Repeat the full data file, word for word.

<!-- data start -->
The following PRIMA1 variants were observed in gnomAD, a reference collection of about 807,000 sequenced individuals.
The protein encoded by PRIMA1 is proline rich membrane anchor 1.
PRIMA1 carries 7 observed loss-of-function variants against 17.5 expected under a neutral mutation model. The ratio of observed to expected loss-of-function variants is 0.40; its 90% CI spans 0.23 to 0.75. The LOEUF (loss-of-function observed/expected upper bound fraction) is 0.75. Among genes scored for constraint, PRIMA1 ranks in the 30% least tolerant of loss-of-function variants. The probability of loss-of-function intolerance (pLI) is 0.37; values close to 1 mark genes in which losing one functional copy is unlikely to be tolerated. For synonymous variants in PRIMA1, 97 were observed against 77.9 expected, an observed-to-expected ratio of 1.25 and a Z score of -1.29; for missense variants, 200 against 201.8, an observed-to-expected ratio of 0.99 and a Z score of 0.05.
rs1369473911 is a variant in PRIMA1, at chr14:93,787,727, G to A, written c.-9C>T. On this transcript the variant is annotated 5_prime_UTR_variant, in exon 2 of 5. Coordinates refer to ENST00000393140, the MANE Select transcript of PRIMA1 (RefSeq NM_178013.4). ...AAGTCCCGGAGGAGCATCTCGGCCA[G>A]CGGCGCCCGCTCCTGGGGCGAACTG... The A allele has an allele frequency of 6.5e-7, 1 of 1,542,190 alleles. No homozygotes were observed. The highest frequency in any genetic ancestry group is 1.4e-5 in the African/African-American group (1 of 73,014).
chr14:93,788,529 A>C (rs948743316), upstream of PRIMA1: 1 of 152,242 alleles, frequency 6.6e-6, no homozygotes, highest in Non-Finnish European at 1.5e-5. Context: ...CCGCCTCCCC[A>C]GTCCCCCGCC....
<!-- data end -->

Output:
The following PRIMA1 variants were observed in gnomAD, a reference collection of about 807,000 sequenced individuals.
The protein encoded by PRIMA1 is proline rich membrane anchor 1.
PRIMA1 carries 7 observed loss-of-function variants against 17.5 expected under a neutral mutation model. The ratio of observed to expected loss-of-function variants is 0.40; its 90% CI spans 0.23 to 0.75. The LOEUF (loss-of-function observed/expected upper bound fraction) is 0.75. Among genes scored for constraint, PRIMA1 ranks in the 30% least tolerant of loss-of-function variants. The probability of loss-of-function intolerance (pLI) is 0.37; values close to 1 mark genes in which losing one functional copy is unlikely to be tolerated. For synonymous variants in PRIMA1, 97 were observed against 77.9 expected, an observed-to-expected ratio of 1.25 and a Z score of -1.29; for missense variants, 200 against 201.8, an observed-to-expected ratio of 0.99 and a Z score of 0.05.
rs1369473911 is a variant in PRIMA1, at chr14:93,787,727, G to A, written c.-9C>T. On this transcript the variant is annotated 5_prime_UTR_variant, in exon 2 of 5. Coordinates refer to ENST00000393140, the MANE Select transcript of PRIMA1 (RefSeq NM_178013.4). ...AAGTCCCGGAGGAGCATCTCGGCCA[G>A]CGGCGCCCGCTCCTGGGGCGAACTG... The A allele has an allele frequency of 6.5e-7, 1 of 1,542,190 alleles. No homozygotes were observed. The highest frequency in any genetic ancestry group is 1.4e-5 in the African/African-American group (1 of 73,014).
chr14:93,788,529 A>C (rs948743316), upstream of PRIMA1: 1 of 152,242 alleles, frequency 6.6e-6, no homozygotes, highest in Non-Finnish European at 1.5e-5. Context: ...CCGCCTCCCC[A>C]GTCCCCCGCC....